I remember the very fist time I heard Hauschka. Strange bells, cardboard clicks, and metallic slaps accompanied each note. At first, I was not aware that this was a prepared piano – an altered instrument with placed objects between the strings and hammers. Upon learning of Volker Bertelmann’s exploration of possibilities through instrument modifications, I became entranced in the newly created sound of [what piano is actually classified as] a tuned percussion instrument. But it was not until I’ve seen Volker play live on a prepared piano, that I fell completely in love with his beautiful sound.
Foreign Landscapes is Volker’s third full length album for FatCat’s 130701 imprint (he has also released two albums on Karaoke Kalk). His 2008 Ferndorf has made it on my Best of 2008 lists, and received critical acclaim among the followers and critics alike. On Ferndorf, exploring his childhood memories, Hauschka experimented with the addition of two cellists, a violinist and even a trombone player. On Foreign Landscapes, Volker reflects on his recent travels during an extensive world tour. And this time he’s got an entire orchestra! In fact, some pieces don’t even feature prepared piano, and instead showcase Volker’s skill at arranging an expansive and ambitious orchestral score.
“Nine of the album’s twelve tracks feature a 12-piece string and wind ensemble from San Francisco’s Magik*Magik Orchestra, alongside Volker Bertelmann’s own prepared piano. Dynamic, brimming with character and colour, ‘Foreign Landscapes’ retains its author’s distinctive musical voice and leads the listener through a beautifully balanced collection, moving from delicate solo piano lyricism to a propulsive, robust minimalism.”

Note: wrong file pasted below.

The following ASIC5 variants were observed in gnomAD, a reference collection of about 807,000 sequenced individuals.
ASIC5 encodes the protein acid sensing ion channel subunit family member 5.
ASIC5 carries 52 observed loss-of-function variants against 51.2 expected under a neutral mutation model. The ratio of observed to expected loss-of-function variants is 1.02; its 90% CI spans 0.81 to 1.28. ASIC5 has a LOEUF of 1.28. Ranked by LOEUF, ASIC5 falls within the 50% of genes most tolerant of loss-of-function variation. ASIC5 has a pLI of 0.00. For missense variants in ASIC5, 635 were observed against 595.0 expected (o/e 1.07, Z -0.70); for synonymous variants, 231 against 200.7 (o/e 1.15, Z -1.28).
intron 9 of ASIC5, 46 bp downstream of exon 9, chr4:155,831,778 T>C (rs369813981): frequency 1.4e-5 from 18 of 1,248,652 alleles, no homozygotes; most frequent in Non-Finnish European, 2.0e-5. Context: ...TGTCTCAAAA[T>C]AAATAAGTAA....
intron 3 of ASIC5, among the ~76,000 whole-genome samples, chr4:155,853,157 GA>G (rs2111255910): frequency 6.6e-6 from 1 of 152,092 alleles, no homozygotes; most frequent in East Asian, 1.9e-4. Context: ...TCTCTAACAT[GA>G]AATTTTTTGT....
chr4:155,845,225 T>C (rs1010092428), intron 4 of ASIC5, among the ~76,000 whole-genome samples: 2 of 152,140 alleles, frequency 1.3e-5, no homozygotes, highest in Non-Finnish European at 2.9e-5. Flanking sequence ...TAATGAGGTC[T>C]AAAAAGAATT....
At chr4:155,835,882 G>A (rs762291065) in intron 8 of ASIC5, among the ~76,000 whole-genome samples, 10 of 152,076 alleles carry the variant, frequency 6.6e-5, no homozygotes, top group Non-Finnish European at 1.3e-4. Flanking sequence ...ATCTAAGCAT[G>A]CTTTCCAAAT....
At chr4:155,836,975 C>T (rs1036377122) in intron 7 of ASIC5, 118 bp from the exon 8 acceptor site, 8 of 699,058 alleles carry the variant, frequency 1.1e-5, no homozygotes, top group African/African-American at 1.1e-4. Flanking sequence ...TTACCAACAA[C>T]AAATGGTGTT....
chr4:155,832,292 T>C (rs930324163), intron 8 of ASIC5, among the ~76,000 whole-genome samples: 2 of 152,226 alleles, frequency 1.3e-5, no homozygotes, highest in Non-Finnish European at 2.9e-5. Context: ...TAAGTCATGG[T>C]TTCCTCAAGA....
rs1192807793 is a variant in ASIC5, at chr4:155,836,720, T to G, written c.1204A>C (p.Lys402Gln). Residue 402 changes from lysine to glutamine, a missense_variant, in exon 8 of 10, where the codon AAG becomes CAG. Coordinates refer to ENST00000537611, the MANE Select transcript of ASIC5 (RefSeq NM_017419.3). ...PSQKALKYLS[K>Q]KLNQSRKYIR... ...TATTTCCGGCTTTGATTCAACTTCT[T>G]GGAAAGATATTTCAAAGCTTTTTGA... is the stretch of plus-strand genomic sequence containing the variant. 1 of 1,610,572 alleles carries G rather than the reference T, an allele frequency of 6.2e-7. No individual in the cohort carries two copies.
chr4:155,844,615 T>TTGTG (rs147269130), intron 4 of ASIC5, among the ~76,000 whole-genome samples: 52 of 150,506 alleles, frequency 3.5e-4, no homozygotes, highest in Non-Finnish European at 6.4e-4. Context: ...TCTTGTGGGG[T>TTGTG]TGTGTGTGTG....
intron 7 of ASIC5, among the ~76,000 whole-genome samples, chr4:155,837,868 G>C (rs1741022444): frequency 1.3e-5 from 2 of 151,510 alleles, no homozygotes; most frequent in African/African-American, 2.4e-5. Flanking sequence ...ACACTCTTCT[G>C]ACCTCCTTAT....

On the album, Düsseldorf (Germany) based Volker Bertelmann continues to delight our ears with his compositions. At times somber, at times playful, Bertelmann’s chord progression explores major and minor tonalities that calm restlessness and lift up the spirits. The twelve pieces sound very intimate, appealing to the listener’s perception, as if the orchestra was setup in your own living room, for a private performance. The lack of organic (or synthetic for that matter) reverb, creates a very personal atmosphere, with skillfully balanced stereo field, centering the listener. It’s worth mentioning that the album was recorded at San Francisco’s Tiny Telephone (used by 4AD, Nonesuch, Temporary Residence Limited, Matador, and other labels among the many) and mastered by Bo Kondren of Calyx, in Berlin.
130701 has only put out two records this year – Foreign Landscapes and Max Richter’s Infra. And although the quantity of the label’s output was low, I assure you that the quality of these modern classical records is top notch. Oh, and in case you didn’t know and always wondered, 130701 is indeed named after the date on which FatCat has brought it to life – July 13th, 2001. Be sure to check out a set of these excellent videos, published as NPR interview with Hauschka, featuring Volker playing a piano with document clamps, a seashell necklace, marbles, and tennis balls… Be sure to also check out Hauschka’s 2009 EP, Snowflakes And Carwrecks, as well as his debut on FatCat, Room To Expand.